The Marc of greatness

By Mat Oxley

MotoGP has lost two of its most exciting exponents in the last year and a half: Marco Simoncelli to a fatal accident and Casey Stoner to a desire to spend more time at home with his family.

Whenever a great racer exits stage leff, it's difficult not to wonder whether we will see their like again. But, as always, the world keeps turning and new heroes soon swim into view.

This time it's a young Catalan, already a double World Champion, just as Valentino Rossi was when he graduated to the premier class at the turn of the century. I don't make the comparison lightly. Marc Marquez is more than just the latest product to roll off Spain's MotoGP production line. His reputation is such that most of the MotoGP grid dreads his arrival and not only because he's so fast.

Marquez, who turns 20 on February 17, happens to combine the otherworldly talent of Stoner with the raging aggression of Simoncelli. During 2012 he cut a swathe through the Moto2 World Championship, a kind of Formula Ford on two wheels notorious for its viciously close racing. Marquez nearly always had the speed to win, which was impressive in itself, considering the category's control engine, ECU and tyres, but it was the manner of those victories that caught his new MotoGP rivals' attention.

Like Simoncelli, Marquez is a fighter, though he is brighter and more devious than the much-missed Italian. While Simoncelli went into baffle with a scream in his throat, Marquez is more likely to sneak up behind his prey.

Some moves have been beyond the pale, but others are works of genius. On the racetrack he is commiffed to making things happen and takes real joy in administering the coup de grace. His worst crimes have rightly affracted punishment, though the penalties imposed have merely allowed him the opportunity to highlight his talent. At last year's season-ending Valencia GP, Marquez was sent to the back of the grid for knocking off a rival during practice. The race started in the damp, a narrow dry line appearing as the laps counted down far from ideal conditions for overtaking 33 rivals. Marquez was unfazed by the treacherous asphalt and waltzed his way to the front. "When I saw the leaders so far ahead I didn't expect to beat them," he said afterwards. "But I rode on the limit every corner OK, if I crash, I crash..."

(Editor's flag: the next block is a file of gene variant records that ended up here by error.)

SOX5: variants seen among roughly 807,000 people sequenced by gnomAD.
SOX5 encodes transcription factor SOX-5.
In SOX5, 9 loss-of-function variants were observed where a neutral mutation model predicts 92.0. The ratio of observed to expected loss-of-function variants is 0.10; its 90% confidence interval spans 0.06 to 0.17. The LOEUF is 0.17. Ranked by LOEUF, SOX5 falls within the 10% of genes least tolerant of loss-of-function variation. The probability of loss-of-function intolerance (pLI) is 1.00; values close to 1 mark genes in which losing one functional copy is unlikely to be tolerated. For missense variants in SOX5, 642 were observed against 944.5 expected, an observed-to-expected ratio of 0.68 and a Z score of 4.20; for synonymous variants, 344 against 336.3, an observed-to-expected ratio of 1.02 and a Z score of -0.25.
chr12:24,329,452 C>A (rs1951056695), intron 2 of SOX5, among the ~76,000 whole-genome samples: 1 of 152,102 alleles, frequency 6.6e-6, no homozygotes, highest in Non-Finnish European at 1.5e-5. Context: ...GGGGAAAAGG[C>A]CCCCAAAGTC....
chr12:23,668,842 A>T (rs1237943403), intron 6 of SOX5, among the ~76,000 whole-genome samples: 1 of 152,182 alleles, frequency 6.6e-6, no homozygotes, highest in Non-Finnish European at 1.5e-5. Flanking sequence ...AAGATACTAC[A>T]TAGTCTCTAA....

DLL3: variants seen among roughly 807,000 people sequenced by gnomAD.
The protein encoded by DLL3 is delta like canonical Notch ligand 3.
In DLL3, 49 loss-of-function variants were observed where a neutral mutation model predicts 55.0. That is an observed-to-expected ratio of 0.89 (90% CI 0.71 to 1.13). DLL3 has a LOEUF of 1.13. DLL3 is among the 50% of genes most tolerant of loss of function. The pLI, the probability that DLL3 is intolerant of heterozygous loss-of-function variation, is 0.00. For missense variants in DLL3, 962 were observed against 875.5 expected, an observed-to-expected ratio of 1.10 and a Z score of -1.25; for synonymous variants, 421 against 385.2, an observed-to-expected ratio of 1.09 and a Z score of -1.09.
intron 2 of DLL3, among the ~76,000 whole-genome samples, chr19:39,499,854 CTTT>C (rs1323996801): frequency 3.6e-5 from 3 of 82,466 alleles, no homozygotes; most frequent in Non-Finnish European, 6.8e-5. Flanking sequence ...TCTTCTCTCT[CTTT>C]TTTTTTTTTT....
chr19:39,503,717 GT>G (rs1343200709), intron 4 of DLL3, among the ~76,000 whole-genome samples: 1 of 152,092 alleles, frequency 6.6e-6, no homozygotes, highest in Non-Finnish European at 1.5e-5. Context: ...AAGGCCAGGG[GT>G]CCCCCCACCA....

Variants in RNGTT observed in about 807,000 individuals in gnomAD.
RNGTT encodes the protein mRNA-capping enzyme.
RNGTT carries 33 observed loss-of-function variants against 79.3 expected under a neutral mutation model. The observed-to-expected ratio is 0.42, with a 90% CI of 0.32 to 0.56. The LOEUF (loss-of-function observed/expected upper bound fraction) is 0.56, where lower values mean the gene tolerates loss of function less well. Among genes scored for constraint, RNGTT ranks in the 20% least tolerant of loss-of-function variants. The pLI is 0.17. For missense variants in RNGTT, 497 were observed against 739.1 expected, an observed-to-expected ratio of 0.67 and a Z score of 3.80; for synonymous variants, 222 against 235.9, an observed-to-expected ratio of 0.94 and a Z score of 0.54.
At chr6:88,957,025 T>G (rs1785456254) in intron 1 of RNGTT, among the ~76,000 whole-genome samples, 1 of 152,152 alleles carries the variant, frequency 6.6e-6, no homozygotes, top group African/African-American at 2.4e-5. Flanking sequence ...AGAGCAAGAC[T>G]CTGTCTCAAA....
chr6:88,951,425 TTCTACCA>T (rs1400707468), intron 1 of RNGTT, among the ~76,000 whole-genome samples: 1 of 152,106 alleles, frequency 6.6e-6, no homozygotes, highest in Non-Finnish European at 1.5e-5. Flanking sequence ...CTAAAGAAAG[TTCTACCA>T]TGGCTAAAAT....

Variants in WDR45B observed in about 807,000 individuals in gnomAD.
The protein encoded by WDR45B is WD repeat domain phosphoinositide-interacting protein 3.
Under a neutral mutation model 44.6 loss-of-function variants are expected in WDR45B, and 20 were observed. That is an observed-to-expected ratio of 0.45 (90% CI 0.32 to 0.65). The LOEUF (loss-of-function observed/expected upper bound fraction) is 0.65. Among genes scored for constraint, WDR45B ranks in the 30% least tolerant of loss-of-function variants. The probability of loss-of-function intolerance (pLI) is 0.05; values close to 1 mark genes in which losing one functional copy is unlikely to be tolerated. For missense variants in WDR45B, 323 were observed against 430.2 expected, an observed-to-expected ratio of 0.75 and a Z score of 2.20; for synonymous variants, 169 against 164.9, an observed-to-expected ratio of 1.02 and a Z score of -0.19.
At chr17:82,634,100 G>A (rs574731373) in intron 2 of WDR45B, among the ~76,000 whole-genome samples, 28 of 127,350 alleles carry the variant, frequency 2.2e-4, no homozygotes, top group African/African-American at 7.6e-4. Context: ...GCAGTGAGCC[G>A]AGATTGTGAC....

It is rare these days for a rider to admit such determination to win at all costs, though in fact Marquez doesn't crash very often and despite what happened during practice at Valencia there's evidence that he has exorcised his most evil tendencies. During the Valencia race he made one of his most crucial moves at the same corner where he had commiffed his practice misdemeanour, this time graciously allowing his rival a few extra thousandths of room.

Marquez will surely have a more challenging time in MotoGP. He might even fail to conquer the class of kings, but I doubt it. He has everything he needs: intelligence, talent, aggression, bravery and brilliant racecraff, as well as a brace of factory Honda RC213V5. Honda only signed Marquez to its Repsol-backed MotoGP squad last summer, but even before Stoner announced his retirement the Spaniard was destined for a slot within its factory team. Honda has nurtured him for several years and sees him as its future.

The Japanese aren't usually ones for talking big, but Honda Racing Corporation vice-president Shuhei Nakamoto recently announced that he expects Marquez to finish on the podium at his MotoGP debut in Qatar on April 7. No pressure, then.

Marquez seems up to the burden of carrying Honda's hopes. After breaking the Sepang lap record during his first dry-weather outing aboard the RCV, he returned home and ordered his first set of Repsol leathers, complete with elbow sliders. No wonder the others are worried.